National eating disorder week is coming up in March, so, we’d like to help raise awareness by busting some myths around the topic and giving some more information.
It is believed approximately 1.25 million people in the UK experience eating disorders.
There are various types of eating disorders including anorexia, avoidant restrictive food intake disorder (ARFID), binge eating disorder, bulimia and other specified feeding or eating disorder. Most eating disorders involve focusing too much on your weight, body shape and food, leading to dangerous eating behaviour.
Myths & Facts
MYTH: ‘Eating disorders are someone being vain and attention seeking’
FACT: Eating disorders are not a choice, they are a serious illness and can be life threatening.
MYTH: ‘Someone must be underweight to have an eating disorder’
FACT: Although this is common for some eating disorders, most people stay at a ‘healthy weight’ or are ‘overweight’.
MYTH: ‘Eating disorders only occur in young girls’
FACT: Eating disorders are not discriminative. They can affect anyone, despite their gender, age, sexuality, weight, ethnicity etc.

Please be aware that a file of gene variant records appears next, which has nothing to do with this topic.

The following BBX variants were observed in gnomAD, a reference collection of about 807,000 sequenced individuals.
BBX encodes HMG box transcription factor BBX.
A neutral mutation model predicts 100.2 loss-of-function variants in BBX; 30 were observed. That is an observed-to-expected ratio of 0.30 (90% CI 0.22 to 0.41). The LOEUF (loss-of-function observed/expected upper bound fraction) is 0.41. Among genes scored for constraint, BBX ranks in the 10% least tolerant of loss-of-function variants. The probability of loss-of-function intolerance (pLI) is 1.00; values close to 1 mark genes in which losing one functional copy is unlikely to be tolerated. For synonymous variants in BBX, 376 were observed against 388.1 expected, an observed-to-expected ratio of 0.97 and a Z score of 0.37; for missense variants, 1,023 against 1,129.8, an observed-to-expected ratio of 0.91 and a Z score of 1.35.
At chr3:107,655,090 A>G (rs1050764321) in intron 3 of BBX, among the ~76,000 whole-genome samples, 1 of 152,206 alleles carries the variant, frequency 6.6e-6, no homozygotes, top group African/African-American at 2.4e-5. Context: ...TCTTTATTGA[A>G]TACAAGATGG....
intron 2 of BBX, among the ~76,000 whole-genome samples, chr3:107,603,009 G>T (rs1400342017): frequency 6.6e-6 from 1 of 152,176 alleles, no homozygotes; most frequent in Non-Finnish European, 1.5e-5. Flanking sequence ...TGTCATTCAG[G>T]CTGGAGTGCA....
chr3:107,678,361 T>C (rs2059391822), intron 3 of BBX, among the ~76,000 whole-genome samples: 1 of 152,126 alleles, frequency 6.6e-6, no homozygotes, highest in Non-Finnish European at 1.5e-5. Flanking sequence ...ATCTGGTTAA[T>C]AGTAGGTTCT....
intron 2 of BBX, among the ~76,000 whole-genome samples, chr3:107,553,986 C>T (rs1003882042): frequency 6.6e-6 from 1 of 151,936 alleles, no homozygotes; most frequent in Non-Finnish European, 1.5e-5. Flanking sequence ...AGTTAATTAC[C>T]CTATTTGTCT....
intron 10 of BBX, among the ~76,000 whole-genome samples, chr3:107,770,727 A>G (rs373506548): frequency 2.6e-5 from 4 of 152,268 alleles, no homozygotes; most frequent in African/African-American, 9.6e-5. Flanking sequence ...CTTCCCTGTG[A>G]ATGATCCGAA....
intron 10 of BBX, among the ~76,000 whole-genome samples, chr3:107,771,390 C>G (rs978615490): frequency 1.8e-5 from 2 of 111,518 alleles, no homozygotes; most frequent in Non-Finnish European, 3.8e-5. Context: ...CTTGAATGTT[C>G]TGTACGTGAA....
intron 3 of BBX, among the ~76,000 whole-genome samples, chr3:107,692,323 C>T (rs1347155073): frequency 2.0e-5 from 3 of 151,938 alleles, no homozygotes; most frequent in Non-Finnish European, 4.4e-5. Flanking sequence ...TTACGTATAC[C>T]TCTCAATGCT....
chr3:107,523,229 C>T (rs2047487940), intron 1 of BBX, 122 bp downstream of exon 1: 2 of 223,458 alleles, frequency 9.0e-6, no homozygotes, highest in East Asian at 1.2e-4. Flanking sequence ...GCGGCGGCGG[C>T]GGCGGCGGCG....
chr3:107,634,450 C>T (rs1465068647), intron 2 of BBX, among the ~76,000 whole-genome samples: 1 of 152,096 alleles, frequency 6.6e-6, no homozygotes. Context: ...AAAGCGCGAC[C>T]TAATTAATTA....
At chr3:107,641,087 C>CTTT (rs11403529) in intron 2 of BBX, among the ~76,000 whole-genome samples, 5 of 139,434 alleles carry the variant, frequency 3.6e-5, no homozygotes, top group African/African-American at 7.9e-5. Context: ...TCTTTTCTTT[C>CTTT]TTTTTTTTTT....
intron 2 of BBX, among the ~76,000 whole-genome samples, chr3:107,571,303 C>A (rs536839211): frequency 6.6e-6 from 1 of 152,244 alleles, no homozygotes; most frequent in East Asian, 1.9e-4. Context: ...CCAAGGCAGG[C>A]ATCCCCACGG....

MYTH: ‘People can’t recover from an illness, it’s in their genes’
FACT: Although there is evidence that someone’s genes contribute to the risk of developing an eating disorder, this does not mean that they cannot recover. Genes are only one part of a complex mix of risk factors.
It can often be very difficult to identify that a loved one or friend has developed an eating disorder, especially in the early stages.
Warning signs to look out for include:
- dramatic weight loss
- lying about how much and when they have eaten, or how much they weigh
- eating a lot of food very fast
- going to the bathroom a lot after eating, often returning looking flushed
- excessively or obsessively exercising
- avoiding eating with others
- cutting food into small pieces or eating very slowly
- wearing loose or baggy clothes to hide their weight loss
For more information about eating disorders or support visit: https://www.beateatingdisorders.org.uk/